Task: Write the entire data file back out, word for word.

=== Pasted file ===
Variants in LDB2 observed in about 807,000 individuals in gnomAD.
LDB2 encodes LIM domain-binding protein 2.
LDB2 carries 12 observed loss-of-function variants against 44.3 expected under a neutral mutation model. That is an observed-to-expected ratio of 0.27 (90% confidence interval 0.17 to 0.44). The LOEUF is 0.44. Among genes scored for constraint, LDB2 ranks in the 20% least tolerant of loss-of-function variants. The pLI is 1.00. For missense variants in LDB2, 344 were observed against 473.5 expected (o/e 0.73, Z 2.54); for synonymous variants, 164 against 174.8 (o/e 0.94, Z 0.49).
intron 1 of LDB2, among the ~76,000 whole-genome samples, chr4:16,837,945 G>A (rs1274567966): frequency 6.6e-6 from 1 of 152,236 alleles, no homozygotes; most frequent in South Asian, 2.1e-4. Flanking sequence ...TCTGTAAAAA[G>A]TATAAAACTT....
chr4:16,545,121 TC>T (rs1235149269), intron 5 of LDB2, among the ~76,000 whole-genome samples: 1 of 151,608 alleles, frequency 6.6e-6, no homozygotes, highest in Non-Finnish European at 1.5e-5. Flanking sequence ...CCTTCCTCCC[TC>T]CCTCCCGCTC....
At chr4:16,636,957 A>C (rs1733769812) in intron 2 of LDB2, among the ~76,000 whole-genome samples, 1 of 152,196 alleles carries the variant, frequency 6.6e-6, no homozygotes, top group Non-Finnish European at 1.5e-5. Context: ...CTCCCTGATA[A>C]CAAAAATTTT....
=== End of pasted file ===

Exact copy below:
Variants in LDB2 observed in about 807,000 individuals in gnomAD.
LDB2 encodes LIM domain-binding protein 2.
LDB2 carries 12 observed loss-of-function variants against 44.3 expected under a neutral mutation model. That is an observed-to-expected ratio of 0.27 (90% confidence interval 0.17 to 0.44). The LOEUF is 0.44. Among genes scored for constraint, LDB2 ranks in the 20% least tolerant of loss-of-function variants. The pLI is 1.00. For missense variants in LDB2, 344 were observed against 473.5 expected (o/e 0.73, Z 2.54); for synonymous variants, 164 against 174.8 (o/e 0.94, Z 0.49).
intron 1 of LDB2, among the ~76,000 whole-genome samples, chr4:16,837,945 G>A (rs1274567966): frequency 6.6e-6 from 1 of 152,236 alleles, no homozygotes; most frequent in South Asian, 2.1e-4. Flanking sequence ...TCTGTAAAAA[G>A]TATAAAACTT....
chr4:16,545,121 TC>T (rs1235149269), intron 5 of LDB2, among the ~76,000 whole-genome samples: 1 of 151,608 alleles, frequency 6.6e-6, no homozygotes, highest in Non-Finnish European at 1.5e-5. Flanking sequence ...CCTTCCTCCC[TC>T]CCTCCCGCTC....
At chr4:16,636,957 A>C (rs1733769812) in intron 2 of LDB2, among the ~76,000 whole-genome samples, 1 of 152,196 alleles carries the variant, frequency 6.6e-6, no homozygotes, top group Non-Finnish European at 1.5e-5. Context: ...CTCCCTGATA[A>C]CAAAAATTTT....